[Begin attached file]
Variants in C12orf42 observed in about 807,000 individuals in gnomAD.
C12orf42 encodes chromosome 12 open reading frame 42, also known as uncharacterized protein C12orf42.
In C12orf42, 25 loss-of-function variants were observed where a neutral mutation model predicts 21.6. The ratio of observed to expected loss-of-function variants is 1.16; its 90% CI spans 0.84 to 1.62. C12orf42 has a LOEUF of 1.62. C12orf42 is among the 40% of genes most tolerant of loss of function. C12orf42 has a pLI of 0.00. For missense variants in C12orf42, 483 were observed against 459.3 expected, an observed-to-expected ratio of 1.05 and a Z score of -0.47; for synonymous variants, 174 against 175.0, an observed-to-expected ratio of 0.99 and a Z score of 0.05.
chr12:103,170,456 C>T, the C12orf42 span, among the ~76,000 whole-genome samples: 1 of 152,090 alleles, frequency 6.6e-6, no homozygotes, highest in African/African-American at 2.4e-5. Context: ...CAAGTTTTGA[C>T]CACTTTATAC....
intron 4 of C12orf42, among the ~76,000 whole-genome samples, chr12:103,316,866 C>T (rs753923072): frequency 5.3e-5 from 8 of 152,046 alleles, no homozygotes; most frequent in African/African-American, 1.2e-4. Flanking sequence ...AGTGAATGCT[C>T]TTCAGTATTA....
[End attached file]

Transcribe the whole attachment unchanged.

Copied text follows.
Variants in C12orf42 observed in about 807,000 individuals in gnomAD.
C12orf42 encodes chromosome 12 open reading frame 42, also known as uncharacterized protein C12orf42.
In C12orf42, 25 loss-of-function variants were observed where a neutral mutation model predicts 21.6. The ratio of observed to expected loss-of-function variants is 1.16; its 90% CI spans 0.84 to 1.62. C12orf42 has a LOEUF of 1.62. C12orf42 is among the 40% of genes most tolerant of loss of function. C12orf42 has a pLI of 0.00. For missense variants in C12orf42, 483 were observed against 459.3 expected, an observed-to-expected ratio of 1.05 and a Z score of -0.47; for synonymous variants, 174 against 175.0, an observed-to-expected ratio of 0.99 and a Z score of 0.05.
chr12:103,170,456 C>T, the C12orf42 span, among the ~76,000 whole-genome samples: 1 of 152,090 alleles, frequency 6.6e-6, no homozygotes, highest in African/African-American at 2.4e-5. Context: ...CAAGTTTTGA[C>T]CACTTTATAC....
intron 4 of C12orf42, among the ~76,000 whole-genome samples, chr12:103,316,866 C>T (rs753923072): frequency 5.3e-5 from 8 of 152,046 alleles, no homozygotes; most frequent in African/African-American, 1.2e-4. Flanking sequence ...AGTGAATGCT[C>T]TTCAGTATTA....